5. 5. Concept: Pod Pod Volume Containers Pod Containers 8080 8080 8080 Volume Node ● Pods are the atom of scheduling and scaling ● Pods may contain one or more containers and attached volumes ● Each pod has its own IP address
  6. 6. Why Spark? ● Spark is used for processing many kinds of workloads ○ Batch ○ Interactive ○ Streaming ● Lots of organizations already run their serving workloads in Kubernetes ● Better resource sharing and management when all workloads run on a single cluster manager
  7. 7. Spark Standalone on Kubernetes Setup one master controller and a worker pods in a standalone cluster on top of Kubernetes: https://github.com/kubernetes/kubernetes/tree/master/examples/spark ● Resource negotiation tied to Spark standalone and Kubernetes configuration ● No easy way to dynamically scale number of workers when there are idle resources ● Lacks robust authentication and authorization mechanism ● FIFO scheduling only
  8. 8. Spark External Cluster Backends ● Standalone Mode ● YARN client/cluster mode ● Mesos client/cluster mode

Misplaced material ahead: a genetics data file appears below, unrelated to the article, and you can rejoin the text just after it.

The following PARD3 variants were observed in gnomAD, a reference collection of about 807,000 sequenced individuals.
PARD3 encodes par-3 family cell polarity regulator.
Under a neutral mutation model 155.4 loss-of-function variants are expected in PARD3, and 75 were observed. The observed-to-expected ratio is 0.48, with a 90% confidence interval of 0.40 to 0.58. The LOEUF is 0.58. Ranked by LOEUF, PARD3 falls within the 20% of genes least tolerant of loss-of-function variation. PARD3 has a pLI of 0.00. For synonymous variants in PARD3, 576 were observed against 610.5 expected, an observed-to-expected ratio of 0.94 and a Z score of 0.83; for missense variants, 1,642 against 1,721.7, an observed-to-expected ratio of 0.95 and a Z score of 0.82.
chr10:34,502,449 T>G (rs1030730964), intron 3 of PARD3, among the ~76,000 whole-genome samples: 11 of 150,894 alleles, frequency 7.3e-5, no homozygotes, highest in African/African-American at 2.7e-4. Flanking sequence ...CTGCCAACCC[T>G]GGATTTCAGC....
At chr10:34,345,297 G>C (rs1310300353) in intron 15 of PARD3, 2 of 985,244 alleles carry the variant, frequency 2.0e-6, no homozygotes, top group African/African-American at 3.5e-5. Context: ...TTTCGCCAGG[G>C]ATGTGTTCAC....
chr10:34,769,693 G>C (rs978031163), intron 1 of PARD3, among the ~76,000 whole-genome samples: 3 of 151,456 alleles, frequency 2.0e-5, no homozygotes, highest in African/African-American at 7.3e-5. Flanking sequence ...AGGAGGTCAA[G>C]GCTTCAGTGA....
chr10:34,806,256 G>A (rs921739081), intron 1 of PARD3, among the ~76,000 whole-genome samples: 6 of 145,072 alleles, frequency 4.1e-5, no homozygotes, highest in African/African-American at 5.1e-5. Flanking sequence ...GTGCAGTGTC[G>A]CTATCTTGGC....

9. 9. Spark External Cluster Backends ● Standalone Mode ● YARN client/cluster mode ● Mesos client/cluster mode ● Kubernetes client/cluster mode
  10. 10. Kubernetes as a Cluster Scheduler Backend ● Cluster mode support ● The driver shall run within the cluster ● Coarse grained mode ● Spark talks to kubernetes clusters directly spark-subm it --m aster=k8s://<IP> Kubernetes driver& executors
  11. 11. Spark Cluster Mode http://spark.apache.org/docs/latest/cluster-overview.html ● Each application gets its own executor processes ● Tasks from different applications run in different JVMs ● Executors talk back to the Driver and run tasks in multiple threads
  12. 12. Roadmap ● Phase 1 design complete; implementation in progress ● Phase 2 & 3 design in progress ● https://github.com/apache-spark- on-k8s/spark ● https://issues.apache.org/jira/bro wse/SPARK-18278
  13. 13. Communication ● Kubernetes provides a REST API ● Fabric8's Kubernetes Java client to make REST calls ● Allows us to create, watch, delete Pods and higher level controllers from Scala/Java code REST APIcalls apiserver scheduler